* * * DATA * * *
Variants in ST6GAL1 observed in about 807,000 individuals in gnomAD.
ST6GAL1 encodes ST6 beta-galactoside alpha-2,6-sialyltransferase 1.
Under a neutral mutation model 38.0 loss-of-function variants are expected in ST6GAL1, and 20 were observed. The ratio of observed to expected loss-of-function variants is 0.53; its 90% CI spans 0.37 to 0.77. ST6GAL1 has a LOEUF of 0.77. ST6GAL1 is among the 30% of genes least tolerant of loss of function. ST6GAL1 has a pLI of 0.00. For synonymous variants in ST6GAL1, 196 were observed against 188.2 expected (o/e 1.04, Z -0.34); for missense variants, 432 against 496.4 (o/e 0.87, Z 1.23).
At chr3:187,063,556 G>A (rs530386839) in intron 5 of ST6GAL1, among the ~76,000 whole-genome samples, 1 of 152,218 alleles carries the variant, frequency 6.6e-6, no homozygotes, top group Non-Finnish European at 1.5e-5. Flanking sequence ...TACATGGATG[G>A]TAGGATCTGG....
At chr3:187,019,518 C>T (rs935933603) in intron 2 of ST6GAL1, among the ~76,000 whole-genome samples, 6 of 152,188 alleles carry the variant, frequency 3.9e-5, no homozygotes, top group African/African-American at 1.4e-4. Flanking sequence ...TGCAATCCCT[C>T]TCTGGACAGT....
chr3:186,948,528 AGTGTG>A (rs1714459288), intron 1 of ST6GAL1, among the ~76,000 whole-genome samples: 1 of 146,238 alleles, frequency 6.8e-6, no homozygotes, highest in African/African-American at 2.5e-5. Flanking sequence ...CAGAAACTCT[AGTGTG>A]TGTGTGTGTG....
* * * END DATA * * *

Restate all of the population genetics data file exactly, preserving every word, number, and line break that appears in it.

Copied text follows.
Variants in ST6GAL1 observed in about 807,000 individuals in gnomAD.
ST6GAL1 encodes ST6 beta-galactoside alpha-2,6-sialyltransferase 1.
Under a neutral mutation model 38.0 loss-of-function variants are expected in ST6GAL1, and 20 were observed. The ratio of observed to expected loss-of-function variants is 0.53; its 90% CI spans 0.37 to 0.77. ST6GAL1 has a LOEUF of 0.77. ST6GAL1 is among the 30% of genes least tolerant of loss of function. ST6GAL1 has a pLI of 0.00. For synonymous variants in ST6GAL1, 196 were observed against 188.2 expected (o/e 1.04, Z -0.34); for missense variants, 432 against 496.4 (o/e 0.87, Z 1.23).
At chr3:187,063,556 G>A (rs530386839) in intron 5 of ST6GAL1, among the ~76,000 whole-genome samples, 1 of 152,218 alleles carries the variant, frequency 6.6e-6, no homozygotes, top group Non-Finnish European at 1.5e-5. Flanking sequence ...TACATGGATG[G>A]TAGGATCTGG....
At chr3:187,019,518 C>T (rs935933603) in intron 2 of ST6GAL1, among the ~76,000 whole-genome samples, 6 of 152,188 alleles carry the variant, frequency 3.9e-5, no homozygotes, top group African/African-American at 1.4e-4. Flanking sequence ...TGCAATCCCT[C>T]TCTGGACAGT....
chr3:186,948,528 AGTGTG>A (rs1714459288), intron 1 of ST6GAL1, among the ~76,000 whole-genome samples: 1 of 146,238 alleles, frequency 6.8e-6, no homozygotes, highest in African/African-American at 2.5e-5. Flanking sequence ...CAGAAACTCT[AGTGTG>A]TGTGTGTGTG....